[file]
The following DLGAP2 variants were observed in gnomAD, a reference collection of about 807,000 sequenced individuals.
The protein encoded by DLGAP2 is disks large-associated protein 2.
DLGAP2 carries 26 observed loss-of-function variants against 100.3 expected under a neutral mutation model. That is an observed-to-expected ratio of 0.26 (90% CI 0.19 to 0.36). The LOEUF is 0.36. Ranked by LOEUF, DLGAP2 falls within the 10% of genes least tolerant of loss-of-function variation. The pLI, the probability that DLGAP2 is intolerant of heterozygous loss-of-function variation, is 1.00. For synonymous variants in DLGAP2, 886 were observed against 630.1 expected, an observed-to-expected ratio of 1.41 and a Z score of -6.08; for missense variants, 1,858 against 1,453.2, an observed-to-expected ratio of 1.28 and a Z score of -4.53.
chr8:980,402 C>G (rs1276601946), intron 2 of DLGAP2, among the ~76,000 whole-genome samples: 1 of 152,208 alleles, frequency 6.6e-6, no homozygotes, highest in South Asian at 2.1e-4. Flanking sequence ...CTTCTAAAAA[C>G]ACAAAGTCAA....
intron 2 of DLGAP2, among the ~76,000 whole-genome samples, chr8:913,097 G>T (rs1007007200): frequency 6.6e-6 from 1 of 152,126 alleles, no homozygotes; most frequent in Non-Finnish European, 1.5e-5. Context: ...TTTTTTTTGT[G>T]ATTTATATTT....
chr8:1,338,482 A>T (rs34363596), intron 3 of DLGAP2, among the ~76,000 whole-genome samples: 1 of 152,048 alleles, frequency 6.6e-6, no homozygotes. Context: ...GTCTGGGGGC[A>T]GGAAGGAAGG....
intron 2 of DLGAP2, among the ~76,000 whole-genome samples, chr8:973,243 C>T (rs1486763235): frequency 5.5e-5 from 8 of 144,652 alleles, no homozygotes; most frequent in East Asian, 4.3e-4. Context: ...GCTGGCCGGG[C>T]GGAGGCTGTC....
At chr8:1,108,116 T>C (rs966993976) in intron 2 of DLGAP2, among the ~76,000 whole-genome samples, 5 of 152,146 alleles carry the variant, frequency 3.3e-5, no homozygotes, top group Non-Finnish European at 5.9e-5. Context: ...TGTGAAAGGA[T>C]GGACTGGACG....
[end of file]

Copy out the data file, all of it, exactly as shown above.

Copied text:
The following DLGAP2 variants were observed in gnomAD, a reference collection of about 807,000 sequenced individuals.
The protein encoded by DLGAP2 is disks large-associated protein 2.
DLGAP2 carries 26 observed loss-of-function variants against 100.3 expected under a neutral mutation model. That is an observed-to-expected ratio of 0.26 (90% CI 0.19 to 0.36). The LOEUF is 0.36. Ranked by LOEUF, DLGAP2 falls within the 10% of genes least tolerant of loss-of-function variation. The pLI, the probability that DLGAP2 is intolerant of heterozygous loss-of-function variation, is 1.00. For synonymous variants in DLGAP2, 886 were observed against 630.1 expected, an observed-to-expected ratio of 1.41 and a Z score of -6.08; for missense variants, 1,858 against 1,453.2, an observed-to-expected ratio of 1.28 and a Z score of -4.53.
chr8:980,402 C>G (rs1276601946), intron 2 of DLGAP2, among the ~76,000 whole-genome samples: 1 of 152,208 alleles, frequency 6.6e-6, no homozygotes, highest in South Asian at 2.1e-4. Flanking sequence ...CTTCTAAAAA[C>G]ACAAAGTCAA....
intron 2 of DLGAP2, among the ~76,000 whole-genome samples, chr8:913,097 G>T (rs1007007200): frequency 6.6e-6 from 1 of 152,126 alleles, no homozygotes; most frequent in Non-Finnish European, 1.5e-5. Context: ...TTTTTTTTGT[G>T]ATTTATATTT....
chr8:1,338,482 A>T (rs34363596), intron 3 of DLGAP2, among the ~76,000 whole-genome samples: 1 of 152,048 alleles, frequency 6.6e-6, no homozygotes. Context: ...GTCTGGGGGC[A>T]GGAAGGAAGG....
intron 2 of DLGAP2, among the ~76,000 whole-genome samples, chr8:973,243 C>T (rs1486763235): frequency 5.5e-5 from 8 of 144,652 alleles, no homozygotes; most frequent in East Asian, 4.3e-4. Context: ...GCTGGCCGGG[C>T]GGAGGCTGTC....
At chr8:1,108,116 T>C (rs966993976) in intron 2 of DLGAP2, among the ~76,000 whole-genome samples, 5 of 152,146 alleles carry the variant, frequency 3.3e-5, no homozygotes, top group Non-Finnish European at 5.9e-5. Context: ...TGTGAAAGGA[T>C]GGACTGGACG....